Les Usherwood was the most prolific type designer in Canadian history. He was trained in Kent, England as a lettering artist, emigrated to Canada in 1957, and practised his art in Toronto at Photo Engravers & Electrotypers, Art Associates and later at Art & Design Studios. In 1968 he started Typsettra Ltd. in partnership with David Thomason. The company employed up to four typesetters (two on each shift)³ and five lettering artists, catering mostly to studios and advertising agencies. Typsettra's stated policy was to produce first class advertising typography. The company started operations with one VGC Typositor with 60 fonts and shortly expanded to four Typositors, two Berthold Diatypes, two Diatronic DC-3s, a DC-4, three ADS 3000 and two APU output units. And, in 1981 Typsettra purchased their first Micom 2001 word processor.¹¹ In 26 years Usherwood designed¹² an astonishing 211 alphabets. All the finished artwork was created by Typsettra's lettering artists.¹³ Many of his faces are available under the Letraset, ITC and Berthold labels. Usherwood's best known design is Caxton. He died in 1983 at the age of 51 from a heart attack. In his honor the Toronto Art Directors Club created the annual Les Usherwood Award to recognize creative achievements in the communication arts industry. The first one, in 1983, was awarded to Les Usherwood posthumously.

Usherwood Caxton
CAXTON. Designed by Les Usherwood.

From the fifties to the early eighties, a number of other artists were also creating fonts, mostly for display advertising. The most notable was Al Elliott, a type designer at Cooper & Beatty Ltd., he produced more than two dozen type faces, mostly elegant scripts, including Charade, Balladeer, Valentine, and Ballerina.

In the last twenty years Canadian creativity and superb craftsmanship has produced some impressive results. Jim Rimmer, type designer and punch cutter, produced for hot metal Nephi (1980), Joanna (.), a Roman named after his daughter who died, Quill (.), and Fellowship (.). His digital fonts include Albertan (1988), Roman, Italic, and Small Caps; Albertan Bold Roman and Bold Italic. He revived Kaatskill Roman and Small Caps (1988), and designed a matching Italic (Which Goudy never did.) Albertan Inline (1990). Currently, he is cutting in metal "Cartier", (the typeface designed by Carl Dair), a task which is a major undertaking for any craftsman.¹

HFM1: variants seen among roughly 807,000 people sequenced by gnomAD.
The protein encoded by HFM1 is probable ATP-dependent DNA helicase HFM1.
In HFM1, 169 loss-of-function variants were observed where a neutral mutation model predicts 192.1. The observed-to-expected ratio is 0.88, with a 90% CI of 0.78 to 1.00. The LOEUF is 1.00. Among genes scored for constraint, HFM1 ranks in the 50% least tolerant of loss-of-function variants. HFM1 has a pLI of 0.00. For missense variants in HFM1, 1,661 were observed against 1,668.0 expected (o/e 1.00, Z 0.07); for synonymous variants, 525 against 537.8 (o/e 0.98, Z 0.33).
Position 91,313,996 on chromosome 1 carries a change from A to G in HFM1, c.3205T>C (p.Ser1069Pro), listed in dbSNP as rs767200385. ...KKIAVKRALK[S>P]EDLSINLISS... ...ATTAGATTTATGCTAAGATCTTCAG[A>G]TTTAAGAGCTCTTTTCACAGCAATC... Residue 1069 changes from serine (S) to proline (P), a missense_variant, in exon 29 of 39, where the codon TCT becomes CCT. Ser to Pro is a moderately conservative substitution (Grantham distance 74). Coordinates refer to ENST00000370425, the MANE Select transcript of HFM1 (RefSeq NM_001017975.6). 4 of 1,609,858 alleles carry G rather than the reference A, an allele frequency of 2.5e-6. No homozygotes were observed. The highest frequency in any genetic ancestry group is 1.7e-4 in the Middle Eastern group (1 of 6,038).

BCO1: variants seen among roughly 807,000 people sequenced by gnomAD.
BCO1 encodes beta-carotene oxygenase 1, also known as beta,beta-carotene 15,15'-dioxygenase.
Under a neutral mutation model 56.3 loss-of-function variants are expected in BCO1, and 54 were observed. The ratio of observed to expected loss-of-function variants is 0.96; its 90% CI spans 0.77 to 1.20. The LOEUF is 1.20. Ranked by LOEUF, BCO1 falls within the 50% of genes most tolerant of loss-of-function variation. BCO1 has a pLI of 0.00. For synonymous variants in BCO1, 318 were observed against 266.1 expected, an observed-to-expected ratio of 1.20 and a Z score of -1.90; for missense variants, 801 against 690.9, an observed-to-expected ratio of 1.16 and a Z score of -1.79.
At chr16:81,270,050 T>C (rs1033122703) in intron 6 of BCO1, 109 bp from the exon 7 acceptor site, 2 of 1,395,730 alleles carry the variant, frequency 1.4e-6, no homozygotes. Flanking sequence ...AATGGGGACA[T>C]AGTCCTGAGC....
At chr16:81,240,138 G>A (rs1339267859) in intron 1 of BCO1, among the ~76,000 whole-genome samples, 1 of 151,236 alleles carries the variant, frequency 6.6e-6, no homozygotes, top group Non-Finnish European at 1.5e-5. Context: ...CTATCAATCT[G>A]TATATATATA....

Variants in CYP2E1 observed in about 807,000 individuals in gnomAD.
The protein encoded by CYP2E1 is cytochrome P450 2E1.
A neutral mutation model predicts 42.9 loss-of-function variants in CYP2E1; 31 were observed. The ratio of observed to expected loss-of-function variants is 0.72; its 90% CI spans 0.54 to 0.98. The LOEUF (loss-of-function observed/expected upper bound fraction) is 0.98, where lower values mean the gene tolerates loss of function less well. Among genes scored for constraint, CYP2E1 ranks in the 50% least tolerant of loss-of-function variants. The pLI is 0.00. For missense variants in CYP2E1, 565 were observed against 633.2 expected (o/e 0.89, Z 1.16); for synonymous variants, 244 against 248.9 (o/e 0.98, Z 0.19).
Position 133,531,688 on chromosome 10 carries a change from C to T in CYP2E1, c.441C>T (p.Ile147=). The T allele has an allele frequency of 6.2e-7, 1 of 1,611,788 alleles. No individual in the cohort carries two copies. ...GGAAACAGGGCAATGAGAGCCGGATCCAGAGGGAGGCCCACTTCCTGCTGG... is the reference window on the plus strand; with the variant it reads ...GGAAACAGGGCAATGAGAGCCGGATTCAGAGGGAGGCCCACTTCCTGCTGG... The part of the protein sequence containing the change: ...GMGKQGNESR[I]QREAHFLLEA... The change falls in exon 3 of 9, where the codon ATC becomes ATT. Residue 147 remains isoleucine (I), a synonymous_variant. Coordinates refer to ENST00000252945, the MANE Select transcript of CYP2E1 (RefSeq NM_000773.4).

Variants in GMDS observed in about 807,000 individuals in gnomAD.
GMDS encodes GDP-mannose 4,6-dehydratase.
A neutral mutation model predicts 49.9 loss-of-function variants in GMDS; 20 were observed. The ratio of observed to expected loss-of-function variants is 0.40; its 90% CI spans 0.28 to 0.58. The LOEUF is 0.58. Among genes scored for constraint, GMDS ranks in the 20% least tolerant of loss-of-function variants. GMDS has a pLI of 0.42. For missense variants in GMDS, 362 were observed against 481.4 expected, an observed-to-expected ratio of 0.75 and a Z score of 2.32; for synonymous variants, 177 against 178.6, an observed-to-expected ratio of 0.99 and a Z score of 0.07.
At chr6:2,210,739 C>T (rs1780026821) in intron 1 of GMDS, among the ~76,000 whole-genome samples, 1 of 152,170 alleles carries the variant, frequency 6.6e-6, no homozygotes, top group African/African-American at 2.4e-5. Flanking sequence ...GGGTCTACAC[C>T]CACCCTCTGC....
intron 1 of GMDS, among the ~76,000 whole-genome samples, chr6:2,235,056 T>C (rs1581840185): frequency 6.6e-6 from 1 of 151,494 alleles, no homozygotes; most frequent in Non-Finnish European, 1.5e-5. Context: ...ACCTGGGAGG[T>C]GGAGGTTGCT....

Gérard Mariscalchi designed ITC Redonda™ (1997/1998), Baylac (1998), Comic Strip (1997/1998), Evita (1997/1998), Iona (1998), Lineale (1994/1998), Link (1995/1998), Marnie (1997/1998), and Toots (1997/1998). He is a Canadian designer born in France with twenty five years of international experience. His design works include typefaces, calligraphic art, stamps, logotypes, posters, illustrations, and other professional graphic projects.

Ross Mills designed "1530 Garamond" and the Plantagenet families. The families consists of regular, light and dark; and each weight is supplemented by a set of alternate, swash and diacritic characters.

John Hudson designed Aeneas and the Manticore families. These families also consists of regular, light and dark; and each weight is supplemented by a set of alternate, swash and diacritic characters. Not surprisingly, both Ross Mills and John Hudson are featured by Tiro TypeWorks from Vancouver, Canada.

Wil Hudson's re-cutting of the Inuit Alphabet,¹ which was originally introduced in 1855, followed closely the existing Cree and Ojibwa models. It was "cut in Toronto and probably cast in Cape Dorsett for an Inuit cultural society. Wil Hudson ran his printing and publishing business in Cape Dorsett for eight years."²

Inuit sample characters
Sample characters from a digital version of the Inuktitut (Amerindian Eskimo) alphabet created by K. Srinivasan in 1993, based on a document published by the Inuit Cultural Institute at Rankin Inlet. (Note many of the similarities to the Cree characters drawn by James Evans in 1841.)
Note: A free copy of a professional Inuit font can be downloaded from the Nunatsiaq News (An Inuit newspaper.)